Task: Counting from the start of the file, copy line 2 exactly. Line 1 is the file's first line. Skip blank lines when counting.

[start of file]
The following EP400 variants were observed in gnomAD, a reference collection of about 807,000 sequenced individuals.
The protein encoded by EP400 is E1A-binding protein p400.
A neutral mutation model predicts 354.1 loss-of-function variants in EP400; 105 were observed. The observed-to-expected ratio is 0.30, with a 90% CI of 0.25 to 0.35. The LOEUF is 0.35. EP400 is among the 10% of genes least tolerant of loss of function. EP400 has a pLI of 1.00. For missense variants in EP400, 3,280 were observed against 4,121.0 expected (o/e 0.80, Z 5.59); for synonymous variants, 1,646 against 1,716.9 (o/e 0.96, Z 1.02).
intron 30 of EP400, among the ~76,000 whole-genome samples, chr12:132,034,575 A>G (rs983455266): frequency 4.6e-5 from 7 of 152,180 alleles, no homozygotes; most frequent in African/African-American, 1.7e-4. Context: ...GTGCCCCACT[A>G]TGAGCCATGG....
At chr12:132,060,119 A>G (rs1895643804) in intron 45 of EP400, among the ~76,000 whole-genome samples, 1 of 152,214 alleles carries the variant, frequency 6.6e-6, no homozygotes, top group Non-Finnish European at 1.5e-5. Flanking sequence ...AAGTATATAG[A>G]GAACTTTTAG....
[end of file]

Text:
The protein encoded by EP400 is E1A-binding protein p400.